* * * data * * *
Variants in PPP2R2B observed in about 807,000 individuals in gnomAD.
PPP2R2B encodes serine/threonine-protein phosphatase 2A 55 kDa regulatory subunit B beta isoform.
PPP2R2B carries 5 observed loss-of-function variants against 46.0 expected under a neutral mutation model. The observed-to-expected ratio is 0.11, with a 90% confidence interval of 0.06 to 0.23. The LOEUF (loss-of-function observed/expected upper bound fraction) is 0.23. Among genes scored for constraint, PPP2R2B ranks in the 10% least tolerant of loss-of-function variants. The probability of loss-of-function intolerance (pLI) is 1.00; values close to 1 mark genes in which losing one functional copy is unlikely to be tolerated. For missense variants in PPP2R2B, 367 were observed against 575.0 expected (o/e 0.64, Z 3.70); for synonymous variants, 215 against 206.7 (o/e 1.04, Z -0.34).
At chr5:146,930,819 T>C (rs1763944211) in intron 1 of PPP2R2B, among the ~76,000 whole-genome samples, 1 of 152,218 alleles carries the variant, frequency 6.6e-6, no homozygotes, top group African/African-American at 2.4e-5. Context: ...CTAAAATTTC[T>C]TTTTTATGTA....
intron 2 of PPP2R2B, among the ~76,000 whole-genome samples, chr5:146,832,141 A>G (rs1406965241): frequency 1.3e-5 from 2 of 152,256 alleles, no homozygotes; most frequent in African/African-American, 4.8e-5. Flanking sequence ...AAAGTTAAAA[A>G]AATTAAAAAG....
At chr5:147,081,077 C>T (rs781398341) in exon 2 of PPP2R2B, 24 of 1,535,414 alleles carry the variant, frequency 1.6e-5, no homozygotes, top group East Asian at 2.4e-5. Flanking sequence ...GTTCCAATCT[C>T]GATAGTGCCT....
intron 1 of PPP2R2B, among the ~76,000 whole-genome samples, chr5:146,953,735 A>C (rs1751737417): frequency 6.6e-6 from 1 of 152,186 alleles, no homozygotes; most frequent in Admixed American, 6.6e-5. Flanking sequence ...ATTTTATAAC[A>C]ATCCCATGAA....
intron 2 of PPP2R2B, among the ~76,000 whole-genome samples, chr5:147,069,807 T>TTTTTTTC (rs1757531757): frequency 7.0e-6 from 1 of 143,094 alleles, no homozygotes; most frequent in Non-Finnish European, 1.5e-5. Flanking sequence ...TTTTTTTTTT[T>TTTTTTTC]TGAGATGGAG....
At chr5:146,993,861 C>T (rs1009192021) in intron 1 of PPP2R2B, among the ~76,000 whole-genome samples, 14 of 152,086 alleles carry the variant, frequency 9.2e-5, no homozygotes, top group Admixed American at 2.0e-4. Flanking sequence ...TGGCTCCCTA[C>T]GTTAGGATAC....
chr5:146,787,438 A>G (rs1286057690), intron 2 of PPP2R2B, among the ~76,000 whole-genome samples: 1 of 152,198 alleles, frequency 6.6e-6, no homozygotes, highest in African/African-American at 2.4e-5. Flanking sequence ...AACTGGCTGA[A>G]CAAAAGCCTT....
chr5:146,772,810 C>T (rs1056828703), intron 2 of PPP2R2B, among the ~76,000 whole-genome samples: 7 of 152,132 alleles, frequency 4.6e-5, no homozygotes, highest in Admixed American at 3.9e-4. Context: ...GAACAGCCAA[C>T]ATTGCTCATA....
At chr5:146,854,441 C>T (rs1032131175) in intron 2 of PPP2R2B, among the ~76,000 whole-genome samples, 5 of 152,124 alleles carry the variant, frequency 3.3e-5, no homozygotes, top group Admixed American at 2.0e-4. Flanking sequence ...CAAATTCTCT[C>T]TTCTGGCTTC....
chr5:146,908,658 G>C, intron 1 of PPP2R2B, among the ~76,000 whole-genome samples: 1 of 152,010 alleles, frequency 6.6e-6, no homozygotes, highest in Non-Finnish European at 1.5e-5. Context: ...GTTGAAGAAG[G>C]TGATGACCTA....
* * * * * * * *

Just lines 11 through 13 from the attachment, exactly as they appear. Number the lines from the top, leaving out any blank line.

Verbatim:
chr5:146,772,810 C>T (rs1056828703), intron 2 of PPP2R2B, among the ~76,000 whole-genome samples: 7 of 152,132 alleles, frequency 4.6e-5, no homozygotes, highest in Admixed American at 3.9e-4. Context: ...GAACAGCCAA[C>T]ATTGCTCATA....
At chr5:146,854,441 C>T (rs1032131175) in intron 2 of PPP2R2B, among the ~76,000 whole-genome samples, 5 of 152,124 alleles carry the variant, frequency 3.3e-5, no homozygotes, top group Admixed American at 2.0e-4. Flanking sequence ...CAAATTCTCT[C>T]TTCTGGCTTC....
chr5:146,908,658 G>C, intron 1 of PPP2R2B, among the ~76,000 whole-genome samples: 1 of 152,010 alleles, frequency 6.6e-6, no homozygotes, highest in Non-Finnish European at 1.5e-5. Context: ...GTTGAAGAAG[G>C]TGATGACCTA....